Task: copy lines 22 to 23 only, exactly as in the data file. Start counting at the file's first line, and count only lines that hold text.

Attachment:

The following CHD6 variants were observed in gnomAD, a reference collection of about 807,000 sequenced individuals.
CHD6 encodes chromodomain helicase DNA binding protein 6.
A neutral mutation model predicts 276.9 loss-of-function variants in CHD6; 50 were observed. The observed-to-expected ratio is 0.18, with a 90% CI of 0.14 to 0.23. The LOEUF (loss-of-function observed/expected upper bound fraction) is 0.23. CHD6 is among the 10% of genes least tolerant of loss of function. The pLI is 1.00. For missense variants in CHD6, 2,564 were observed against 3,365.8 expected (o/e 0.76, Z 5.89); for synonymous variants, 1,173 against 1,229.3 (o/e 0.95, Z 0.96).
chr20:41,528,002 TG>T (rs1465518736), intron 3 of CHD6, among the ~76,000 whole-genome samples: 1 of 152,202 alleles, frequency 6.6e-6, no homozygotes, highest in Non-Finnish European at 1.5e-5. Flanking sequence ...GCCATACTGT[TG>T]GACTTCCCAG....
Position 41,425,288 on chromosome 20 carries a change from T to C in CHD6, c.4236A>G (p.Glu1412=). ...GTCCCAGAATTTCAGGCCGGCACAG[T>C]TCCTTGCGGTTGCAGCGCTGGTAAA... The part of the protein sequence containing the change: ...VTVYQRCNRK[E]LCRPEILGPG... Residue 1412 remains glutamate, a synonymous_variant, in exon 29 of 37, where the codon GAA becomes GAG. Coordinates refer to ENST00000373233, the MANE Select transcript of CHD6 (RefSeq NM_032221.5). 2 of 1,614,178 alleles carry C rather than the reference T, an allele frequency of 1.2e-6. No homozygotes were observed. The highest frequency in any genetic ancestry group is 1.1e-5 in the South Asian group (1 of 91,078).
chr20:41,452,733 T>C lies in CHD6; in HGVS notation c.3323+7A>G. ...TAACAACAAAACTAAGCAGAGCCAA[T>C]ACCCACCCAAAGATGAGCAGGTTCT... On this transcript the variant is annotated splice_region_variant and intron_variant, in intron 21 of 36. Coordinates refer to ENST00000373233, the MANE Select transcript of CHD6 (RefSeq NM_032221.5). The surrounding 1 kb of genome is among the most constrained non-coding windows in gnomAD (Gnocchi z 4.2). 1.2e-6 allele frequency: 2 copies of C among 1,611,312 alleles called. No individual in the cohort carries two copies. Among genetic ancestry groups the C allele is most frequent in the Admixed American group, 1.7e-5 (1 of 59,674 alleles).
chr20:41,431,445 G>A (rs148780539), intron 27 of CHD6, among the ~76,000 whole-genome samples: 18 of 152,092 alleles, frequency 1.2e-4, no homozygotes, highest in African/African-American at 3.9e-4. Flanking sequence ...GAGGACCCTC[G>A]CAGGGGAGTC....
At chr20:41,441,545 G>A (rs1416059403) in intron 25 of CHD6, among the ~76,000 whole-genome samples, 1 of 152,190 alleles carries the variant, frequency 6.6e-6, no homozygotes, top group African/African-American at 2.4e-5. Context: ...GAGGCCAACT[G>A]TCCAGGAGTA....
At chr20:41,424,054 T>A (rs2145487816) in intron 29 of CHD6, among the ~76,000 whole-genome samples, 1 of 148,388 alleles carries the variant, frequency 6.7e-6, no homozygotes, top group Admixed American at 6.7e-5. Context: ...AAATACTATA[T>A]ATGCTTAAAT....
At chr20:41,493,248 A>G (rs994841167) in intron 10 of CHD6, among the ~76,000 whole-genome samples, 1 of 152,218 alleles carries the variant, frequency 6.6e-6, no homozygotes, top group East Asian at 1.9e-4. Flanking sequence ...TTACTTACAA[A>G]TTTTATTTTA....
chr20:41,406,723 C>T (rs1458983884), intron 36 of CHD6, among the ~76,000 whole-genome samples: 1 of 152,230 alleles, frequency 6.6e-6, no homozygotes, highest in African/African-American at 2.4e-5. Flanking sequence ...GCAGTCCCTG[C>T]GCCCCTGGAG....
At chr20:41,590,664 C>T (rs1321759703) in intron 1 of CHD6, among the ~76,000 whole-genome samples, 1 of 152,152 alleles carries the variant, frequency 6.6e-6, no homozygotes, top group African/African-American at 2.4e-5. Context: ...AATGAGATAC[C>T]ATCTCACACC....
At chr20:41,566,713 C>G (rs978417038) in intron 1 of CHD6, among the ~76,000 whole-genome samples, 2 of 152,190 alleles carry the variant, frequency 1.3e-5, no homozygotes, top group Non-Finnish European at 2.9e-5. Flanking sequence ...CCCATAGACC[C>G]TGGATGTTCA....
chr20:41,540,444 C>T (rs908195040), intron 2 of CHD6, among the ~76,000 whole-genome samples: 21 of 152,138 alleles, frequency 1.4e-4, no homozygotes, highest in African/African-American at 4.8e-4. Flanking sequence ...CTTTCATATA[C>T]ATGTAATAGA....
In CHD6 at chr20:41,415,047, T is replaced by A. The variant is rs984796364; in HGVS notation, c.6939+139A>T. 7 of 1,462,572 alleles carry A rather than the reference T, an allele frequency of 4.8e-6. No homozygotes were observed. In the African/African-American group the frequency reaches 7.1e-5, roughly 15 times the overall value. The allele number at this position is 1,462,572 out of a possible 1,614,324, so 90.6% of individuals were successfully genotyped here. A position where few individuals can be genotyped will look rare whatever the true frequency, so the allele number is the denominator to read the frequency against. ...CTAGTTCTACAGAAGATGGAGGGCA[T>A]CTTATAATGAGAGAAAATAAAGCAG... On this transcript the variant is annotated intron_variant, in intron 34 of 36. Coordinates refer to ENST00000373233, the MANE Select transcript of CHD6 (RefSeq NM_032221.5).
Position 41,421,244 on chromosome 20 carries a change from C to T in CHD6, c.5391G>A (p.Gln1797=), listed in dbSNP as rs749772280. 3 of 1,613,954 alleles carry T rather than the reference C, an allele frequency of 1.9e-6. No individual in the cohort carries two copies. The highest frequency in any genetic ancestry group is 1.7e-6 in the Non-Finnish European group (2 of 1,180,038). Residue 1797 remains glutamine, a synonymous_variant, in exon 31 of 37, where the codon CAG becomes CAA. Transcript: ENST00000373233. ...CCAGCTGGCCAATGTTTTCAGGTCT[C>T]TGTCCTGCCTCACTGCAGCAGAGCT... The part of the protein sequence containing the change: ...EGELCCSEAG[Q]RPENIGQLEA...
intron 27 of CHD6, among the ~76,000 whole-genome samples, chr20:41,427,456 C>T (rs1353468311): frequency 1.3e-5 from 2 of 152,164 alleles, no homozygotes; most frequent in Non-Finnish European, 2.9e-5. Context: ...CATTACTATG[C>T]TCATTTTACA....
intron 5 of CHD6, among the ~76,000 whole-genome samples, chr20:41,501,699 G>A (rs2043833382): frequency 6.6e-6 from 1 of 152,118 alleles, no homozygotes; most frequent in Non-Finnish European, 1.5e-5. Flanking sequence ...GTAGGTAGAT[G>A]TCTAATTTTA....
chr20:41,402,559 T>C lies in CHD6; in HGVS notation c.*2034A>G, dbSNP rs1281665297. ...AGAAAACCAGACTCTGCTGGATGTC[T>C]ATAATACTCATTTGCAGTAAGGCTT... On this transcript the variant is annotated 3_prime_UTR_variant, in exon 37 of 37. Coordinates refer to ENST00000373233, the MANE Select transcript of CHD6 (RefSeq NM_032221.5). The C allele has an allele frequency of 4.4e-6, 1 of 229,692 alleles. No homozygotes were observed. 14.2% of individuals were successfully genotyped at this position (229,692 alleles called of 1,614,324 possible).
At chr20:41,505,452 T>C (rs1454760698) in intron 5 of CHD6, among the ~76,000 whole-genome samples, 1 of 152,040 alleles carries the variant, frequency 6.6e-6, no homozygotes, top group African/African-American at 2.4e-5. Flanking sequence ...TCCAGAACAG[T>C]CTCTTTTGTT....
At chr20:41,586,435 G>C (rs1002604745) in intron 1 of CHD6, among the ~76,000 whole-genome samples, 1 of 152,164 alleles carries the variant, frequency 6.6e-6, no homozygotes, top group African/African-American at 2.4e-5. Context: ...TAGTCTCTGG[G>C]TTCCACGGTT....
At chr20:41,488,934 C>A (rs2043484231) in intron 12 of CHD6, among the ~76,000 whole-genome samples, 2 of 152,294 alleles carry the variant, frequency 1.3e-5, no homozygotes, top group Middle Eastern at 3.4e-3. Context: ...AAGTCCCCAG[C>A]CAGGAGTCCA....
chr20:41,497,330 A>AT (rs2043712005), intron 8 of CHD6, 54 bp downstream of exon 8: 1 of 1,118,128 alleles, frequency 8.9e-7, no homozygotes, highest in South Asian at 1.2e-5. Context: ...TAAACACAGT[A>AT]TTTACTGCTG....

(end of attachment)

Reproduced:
At chr20:41,488,934 C>A (rs2043484231) in intron 12 of CHD6, among the ~76,000 whole-genome samples, 2 of 152,294 alleles carry the variant, frequency 1.3e-5, no homozygotes, top group Middle Eastern at 3.4e-3. Context: ...AAGTCCCCAG[C>A]CAGGAGTCCA....
chr20:41,497,330 A>AT (rs2043712005), intron 8 of CHD6, 54 bp downstream of exon 8: 1 of 1,118,128 alleles, frequency 8.9e-7, no homozygotes, highest in South Asian at 1.2e-5. Context: ...TAAACACAGT[A>AT]TTTACTGCTG....